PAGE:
Change is not only a natural occurrence in the workplace but in life in general. Typically, ulterior motives drive change to make the organization better.
Our team took votes on our top 5 reasons to change.
5. External crisis causes structural changes to the industry.
4. To save money.
3. To gain efficiencies.
2. Pivot to new value streams.
1. Long term viability.
Employees around the world are reporting that big organizational changes are affecting their jobs. From leadership transitions and restructurings, to mergers and acquisitions, to regulatory changes, there seems to be constant unrest in the workforce. But according to one survey of more than half a million U.S. employees, almost one-third don’t understand why these changes are happening.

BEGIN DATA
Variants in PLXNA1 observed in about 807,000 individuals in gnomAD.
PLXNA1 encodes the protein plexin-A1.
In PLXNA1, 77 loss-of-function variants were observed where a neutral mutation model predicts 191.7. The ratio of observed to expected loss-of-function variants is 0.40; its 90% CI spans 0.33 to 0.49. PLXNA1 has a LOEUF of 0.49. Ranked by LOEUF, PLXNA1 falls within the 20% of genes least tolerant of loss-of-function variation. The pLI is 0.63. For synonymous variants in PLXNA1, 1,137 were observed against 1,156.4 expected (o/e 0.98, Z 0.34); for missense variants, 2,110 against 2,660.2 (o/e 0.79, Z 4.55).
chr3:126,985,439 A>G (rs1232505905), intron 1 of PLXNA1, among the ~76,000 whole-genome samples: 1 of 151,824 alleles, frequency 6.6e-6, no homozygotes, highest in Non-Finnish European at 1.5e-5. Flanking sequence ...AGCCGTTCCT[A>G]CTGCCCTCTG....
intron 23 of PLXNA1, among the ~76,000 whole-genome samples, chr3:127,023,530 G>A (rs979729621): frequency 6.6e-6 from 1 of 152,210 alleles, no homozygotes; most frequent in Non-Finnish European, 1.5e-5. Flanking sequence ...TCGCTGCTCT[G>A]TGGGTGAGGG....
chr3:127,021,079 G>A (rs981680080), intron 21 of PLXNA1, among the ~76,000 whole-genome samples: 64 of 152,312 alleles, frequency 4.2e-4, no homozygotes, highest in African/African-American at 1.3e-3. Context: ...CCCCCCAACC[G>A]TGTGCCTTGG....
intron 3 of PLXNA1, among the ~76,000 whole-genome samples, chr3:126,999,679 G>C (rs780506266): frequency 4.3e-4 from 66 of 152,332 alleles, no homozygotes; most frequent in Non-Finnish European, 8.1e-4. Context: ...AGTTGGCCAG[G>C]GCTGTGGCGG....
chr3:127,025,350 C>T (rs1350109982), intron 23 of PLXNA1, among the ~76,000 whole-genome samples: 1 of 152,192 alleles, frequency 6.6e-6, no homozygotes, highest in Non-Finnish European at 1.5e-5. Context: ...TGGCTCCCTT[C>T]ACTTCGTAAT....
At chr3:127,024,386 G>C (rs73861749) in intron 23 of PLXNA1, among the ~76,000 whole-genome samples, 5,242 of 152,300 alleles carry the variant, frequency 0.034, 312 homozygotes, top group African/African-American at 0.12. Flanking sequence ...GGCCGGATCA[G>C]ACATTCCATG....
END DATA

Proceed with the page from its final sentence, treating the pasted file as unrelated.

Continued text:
This can be detrimental for any company trying to implement change. When employees don’t understand why changes are happening, it can be a barrier to driving ownership and commitment and can even result in resistance or push back. And employees’ resistance to change is a leading factor for why so many change transformations fail.
Executives and those responsible for leading change cannot assume that employees understand the reasoning behind them. You must spend time explaining the changes and why they are important. Based on my experience supporting organizational change initiatives, there are four key aspects to helping employees understand change, to drive commitment, and to ultimately contribute to your success.
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